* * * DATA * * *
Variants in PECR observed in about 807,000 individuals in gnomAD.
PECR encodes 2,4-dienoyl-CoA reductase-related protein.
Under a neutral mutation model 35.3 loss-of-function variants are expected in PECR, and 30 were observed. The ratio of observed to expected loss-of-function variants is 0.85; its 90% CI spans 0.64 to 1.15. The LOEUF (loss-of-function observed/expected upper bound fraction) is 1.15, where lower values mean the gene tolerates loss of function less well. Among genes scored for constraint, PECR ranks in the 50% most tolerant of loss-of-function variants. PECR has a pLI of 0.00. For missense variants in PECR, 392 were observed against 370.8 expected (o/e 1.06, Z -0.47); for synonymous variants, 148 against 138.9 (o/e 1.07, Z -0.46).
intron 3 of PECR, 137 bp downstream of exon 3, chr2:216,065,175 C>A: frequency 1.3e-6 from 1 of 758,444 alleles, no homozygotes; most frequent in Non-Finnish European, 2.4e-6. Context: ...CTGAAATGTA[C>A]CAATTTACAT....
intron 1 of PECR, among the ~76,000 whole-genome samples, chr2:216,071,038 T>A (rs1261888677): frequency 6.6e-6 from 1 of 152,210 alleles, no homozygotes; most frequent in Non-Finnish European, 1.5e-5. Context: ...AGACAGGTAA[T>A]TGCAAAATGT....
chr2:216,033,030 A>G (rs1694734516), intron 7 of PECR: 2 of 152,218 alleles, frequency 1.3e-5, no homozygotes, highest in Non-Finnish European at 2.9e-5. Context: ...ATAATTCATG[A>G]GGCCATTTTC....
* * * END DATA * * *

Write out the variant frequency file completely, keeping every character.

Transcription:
Variants in PECR observed in about 807,000 individuals in gnomAD.
PECR encodes 2,4-dienoyl-CoA reductase-related protein.
Under a neutral mutation model 35.3 loss-of-function variants are expected in PECR, and 30 were observed. The ratio of observed to expected loss-of-function variants is 0.85; its 90% CI spans 0.64 to 1.15. The LOEUF (loss-of-function observed/expected upper bound fraction) is 1.15, where lower values mean the gene tolerates loss of function less well. Among genes scored for constraint, PECR ranks in the 50% most tolerant of loss-of-function variants. PECR has a pLI of 0.00. For missense variants in PECR, 392 were observed against 370.8 expected (o/e 1.06, Z -0.47); for synonymous variants, 148 against 138.9 (o/e 1.07, Z -0.46).
intron 3 of PECR, 137 bp downstream of exon 3, chr2:216,065,175 C>A: frequency 1.3e-6 from 1 of 758,444 alleles, no homozygotes; most frequent in Non-Finnish European, 2.4e-6. Context: ...CTGAAATGTA[C>A]CAATTTACAT....
intron 1 of PECR, among the ~76,000 whole-genome samples, chr2:216,071,038 T>A (rs1261888677): frequency 6.6e-6 from 1 of 152,210 alleles, no homozygotes; most frequent in Non-Finnish European, 1.5e-5. Context: ...AGACAGGTAA[T>A]TGCAAAATGT....
chr2:216,033,030 A>G (rs1694734516), intron 7 of PECR: 2 of 152,218 alleles, frequency 1.3e-5, no homozygotes, highest in Non-Finnish European at 2.9e-5. Context: ...ATAATTCATG[A>G]GGCCATTTTC....